HBR: When You Think the Strategy is Wrong

HBR: When You Think the Strategy is Wrong
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“Chances are that at some point in your career you’ve been asked to implement a strategy that was developed by someone other than yourself. A manager’s job is to implement that strategy, and to be sure that her team, unit, or department executes well. But what if you believe the strategy you’ve been asked to implement is flawed? Perhaps you think the strategy won’t achieve the intended result, or worse, that it will put the company at risk. Regardless of the severity of your concern, you have an obligation to speak up. However, immediately pulling the strategy fire alarm isn’t always useful, and may brand you as an alarmist. It’s important to find ways to express your concerns productively. By acting cautiously and thoughtfully, you can make your concerns heard while perhaps saving your team — or the company — time, energy, and money.”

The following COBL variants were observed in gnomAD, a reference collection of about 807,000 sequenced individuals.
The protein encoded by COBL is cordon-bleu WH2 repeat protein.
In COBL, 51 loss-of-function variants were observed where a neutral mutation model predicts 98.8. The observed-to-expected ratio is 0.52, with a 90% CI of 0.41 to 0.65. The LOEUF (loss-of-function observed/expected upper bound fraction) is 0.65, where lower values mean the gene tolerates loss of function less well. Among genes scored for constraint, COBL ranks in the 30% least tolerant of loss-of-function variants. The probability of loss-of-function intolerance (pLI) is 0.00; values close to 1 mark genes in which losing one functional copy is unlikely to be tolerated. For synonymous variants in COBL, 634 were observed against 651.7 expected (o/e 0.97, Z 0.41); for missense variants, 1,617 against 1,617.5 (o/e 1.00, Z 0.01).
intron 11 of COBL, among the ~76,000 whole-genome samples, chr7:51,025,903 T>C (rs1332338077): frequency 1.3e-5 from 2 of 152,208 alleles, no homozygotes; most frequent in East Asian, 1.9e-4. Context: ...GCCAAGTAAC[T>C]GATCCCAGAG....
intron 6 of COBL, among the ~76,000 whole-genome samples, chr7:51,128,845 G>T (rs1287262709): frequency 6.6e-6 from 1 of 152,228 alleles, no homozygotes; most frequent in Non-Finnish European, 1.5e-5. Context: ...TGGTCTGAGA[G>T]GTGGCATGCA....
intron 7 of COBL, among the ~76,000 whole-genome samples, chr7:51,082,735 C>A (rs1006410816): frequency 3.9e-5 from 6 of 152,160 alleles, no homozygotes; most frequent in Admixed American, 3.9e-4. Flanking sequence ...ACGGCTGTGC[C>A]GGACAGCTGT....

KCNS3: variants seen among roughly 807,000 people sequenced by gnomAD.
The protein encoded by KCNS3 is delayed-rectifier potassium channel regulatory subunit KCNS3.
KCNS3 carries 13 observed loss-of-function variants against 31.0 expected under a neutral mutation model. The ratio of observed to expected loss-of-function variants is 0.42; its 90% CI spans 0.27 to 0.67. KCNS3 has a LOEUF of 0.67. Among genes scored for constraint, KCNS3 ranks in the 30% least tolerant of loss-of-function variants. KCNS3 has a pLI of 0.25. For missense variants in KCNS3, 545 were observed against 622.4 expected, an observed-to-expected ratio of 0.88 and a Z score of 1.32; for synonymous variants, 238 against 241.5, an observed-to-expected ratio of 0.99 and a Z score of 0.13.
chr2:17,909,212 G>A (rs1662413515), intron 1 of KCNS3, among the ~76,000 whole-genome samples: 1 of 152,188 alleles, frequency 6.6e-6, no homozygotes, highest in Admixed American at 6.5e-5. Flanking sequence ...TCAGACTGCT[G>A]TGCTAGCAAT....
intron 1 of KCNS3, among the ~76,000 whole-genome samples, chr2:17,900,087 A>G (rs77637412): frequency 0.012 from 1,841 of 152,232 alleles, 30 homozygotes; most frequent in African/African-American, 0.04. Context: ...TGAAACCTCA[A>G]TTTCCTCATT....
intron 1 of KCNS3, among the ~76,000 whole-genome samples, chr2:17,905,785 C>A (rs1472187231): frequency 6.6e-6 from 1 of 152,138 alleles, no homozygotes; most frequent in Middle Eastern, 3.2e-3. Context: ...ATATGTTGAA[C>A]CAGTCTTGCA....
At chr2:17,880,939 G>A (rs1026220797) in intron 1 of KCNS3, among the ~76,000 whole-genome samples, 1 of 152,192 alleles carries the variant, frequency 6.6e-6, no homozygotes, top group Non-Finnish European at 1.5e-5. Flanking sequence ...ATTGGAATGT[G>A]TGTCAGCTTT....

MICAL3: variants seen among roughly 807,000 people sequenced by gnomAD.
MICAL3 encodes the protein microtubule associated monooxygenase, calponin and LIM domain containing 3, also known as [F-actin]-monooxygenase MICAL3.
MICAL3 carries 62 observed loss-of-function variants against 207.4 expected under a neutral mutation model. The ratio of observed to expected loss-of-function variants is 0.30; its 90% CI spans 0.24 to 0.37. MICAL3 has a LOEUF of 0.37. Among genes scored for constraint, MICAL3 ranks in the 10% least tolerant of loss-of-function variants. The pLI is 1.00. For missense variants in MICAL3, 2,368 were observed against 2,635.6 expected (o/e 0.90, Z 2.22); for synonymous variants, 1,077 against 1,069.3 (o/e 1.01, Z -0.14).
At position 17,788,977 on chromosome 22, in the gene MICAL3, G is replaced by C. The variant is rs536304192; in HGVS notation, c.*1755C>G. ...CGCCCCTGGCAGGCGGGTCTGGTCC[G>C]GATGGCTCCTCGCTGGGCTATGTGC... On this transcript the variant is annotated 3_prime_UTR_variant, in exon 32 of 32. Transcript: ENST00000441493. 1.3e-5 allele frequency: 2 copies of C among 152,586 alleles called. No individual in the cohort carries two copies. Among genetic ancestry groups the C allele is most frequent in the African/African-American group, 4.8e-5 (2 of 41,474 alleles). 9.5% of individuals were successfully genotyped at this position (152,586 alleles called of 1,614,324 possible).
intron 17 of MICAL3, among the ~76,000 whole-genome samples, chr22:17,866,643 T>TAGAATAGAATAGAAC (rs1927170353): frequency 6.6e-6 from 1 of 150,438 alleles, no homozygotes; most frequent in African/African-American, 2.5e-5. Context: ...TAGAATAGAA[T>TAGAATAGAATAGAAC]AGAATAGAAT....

1. Diagnose: Understand the Full Picture
2. Reflect: Contextualize Your Concerns
3. Speak Up: Proceed Carefully

Full Article and details on the Harvard Business Review Website: